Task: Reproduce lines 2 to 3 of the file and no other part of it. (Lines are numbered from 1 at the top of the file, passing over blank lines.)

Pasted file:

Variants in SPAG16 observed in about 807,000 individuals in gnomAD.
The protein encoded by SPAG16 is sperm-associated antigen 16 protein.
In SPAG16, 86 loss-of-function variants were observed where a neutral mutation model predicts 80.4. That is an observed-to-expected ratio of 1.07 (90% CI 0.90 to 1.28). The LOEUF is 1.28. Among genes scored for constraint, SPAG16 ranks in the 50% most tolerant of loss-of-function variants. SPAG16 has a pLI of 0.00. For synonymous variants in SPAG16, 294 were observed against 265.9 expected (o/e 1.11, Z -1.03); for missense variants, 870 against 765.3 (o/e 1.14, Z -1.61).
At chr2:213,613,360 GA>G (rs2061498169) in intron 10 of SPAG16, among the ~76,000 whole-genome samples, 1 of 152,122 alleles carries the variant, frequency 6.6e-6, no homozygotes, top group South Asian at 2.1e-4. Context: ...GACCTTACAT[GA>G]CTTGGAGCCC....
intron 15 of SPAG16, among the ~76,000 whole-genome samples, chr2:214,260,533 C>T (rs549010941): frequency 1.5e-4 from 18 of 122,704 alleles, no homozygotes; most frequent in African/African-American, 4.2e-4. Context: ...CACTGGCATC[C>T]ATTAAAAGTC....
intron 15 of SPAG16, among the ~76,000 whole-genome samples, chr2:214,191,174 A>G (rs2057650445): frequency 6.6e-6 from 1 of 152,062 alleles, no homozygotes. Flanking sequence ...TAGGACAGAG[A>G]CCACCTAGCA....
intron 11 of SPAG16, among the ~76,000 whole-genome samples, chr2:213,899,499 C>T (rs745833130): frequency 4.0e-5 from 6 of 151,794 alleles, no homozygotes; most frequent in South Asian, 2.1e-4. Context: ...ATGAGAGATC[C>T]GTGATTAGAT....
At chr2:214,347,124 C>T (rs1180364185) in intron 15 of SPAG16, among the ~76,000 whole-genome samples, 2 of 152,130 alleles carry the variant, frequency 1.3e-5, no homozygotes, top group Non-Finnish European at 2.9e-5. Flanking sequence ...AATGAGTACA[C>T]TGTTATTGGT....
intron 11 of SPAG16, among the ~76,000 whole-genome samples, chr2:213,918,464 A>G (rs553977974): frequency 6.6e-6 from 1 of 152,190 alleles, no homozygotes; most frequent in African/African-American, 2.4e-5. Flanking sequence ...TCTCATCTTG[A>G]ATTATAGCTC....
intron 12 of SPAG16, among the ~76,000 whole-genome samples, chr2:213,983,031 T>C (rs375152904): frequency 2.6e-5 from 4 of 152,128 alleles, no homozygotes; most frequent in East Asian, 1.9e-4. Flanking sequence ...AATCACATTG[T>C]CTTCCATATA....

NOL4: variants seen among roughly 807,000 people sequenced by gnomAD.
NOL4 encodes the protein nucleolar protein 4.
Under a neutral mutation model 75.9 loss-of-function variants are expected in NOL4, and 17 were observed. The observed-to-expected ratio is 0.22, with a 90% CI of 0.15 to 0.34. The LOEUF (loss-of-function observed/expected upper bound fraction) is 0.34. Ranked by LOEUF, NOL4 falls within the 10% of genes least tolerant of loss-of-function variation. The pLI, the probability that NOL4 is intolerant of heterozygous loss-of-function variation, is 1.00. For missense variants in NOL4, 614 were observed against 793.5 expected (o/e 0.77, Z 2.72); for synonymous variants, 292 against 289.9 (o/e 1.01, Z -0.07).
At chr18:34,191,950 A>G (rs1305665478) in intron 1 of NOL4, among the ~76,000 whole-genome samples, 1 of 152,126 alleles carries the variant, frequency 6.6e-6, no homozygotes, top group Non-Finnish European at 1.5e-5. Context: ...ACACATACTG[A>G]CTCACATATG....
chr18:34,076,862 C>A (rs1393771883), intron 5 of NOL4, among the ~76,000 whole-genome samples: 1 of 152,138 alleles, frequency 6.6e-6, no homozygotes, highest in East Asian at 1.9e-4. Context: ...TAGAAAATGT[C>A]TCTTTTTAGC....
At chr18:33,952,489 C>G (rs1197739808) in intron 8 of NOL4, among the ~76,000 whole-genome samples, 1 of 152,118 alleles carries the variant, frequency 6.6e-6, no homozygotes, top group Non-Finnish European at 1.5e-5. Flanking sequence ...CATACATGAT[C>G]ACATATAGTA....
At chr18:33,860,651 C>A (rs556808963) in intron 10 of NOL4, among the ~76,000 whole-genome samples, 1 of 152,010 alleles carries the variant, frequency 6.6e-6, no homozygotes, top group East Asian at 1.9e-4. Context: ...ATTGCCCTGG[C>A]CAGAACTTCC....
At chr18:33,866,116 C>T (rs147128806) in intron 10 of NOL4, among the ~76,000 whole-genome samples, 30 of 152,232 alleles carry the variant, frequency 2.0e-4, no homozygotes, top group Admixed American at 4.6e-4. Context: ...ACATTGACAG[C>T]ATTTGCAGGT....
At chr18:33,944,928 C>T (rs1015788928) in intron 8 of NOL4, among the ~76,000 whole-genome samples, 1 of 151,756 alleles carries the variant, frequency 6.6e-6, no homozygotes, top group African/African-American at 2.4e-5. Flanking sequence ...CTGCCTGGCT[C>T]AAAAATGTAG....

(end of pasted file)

The protein encoded by SPAG16 is sperm-associated antigen 16 protein.
In SPAG16, 86 loss-of-function variants were observed where a neutral mutation model predicts 80.4. That is an observed-to-expected ratio of 1.07 (90% CI 0.90 to 1.28). The LOEUF is 1.28. Among genes scored for constraint, SPAG16 ranks in the 50% most tolerant of loss-of-function variants. SPAG16 has a pLI of 0.00. For synonymous variants in SPAG16, 294 were observed against 265.9 expected (o/e 1.11, Z -1.03); for missense variants, 870 against 765.3 (o/e 1.14, Z -1.61).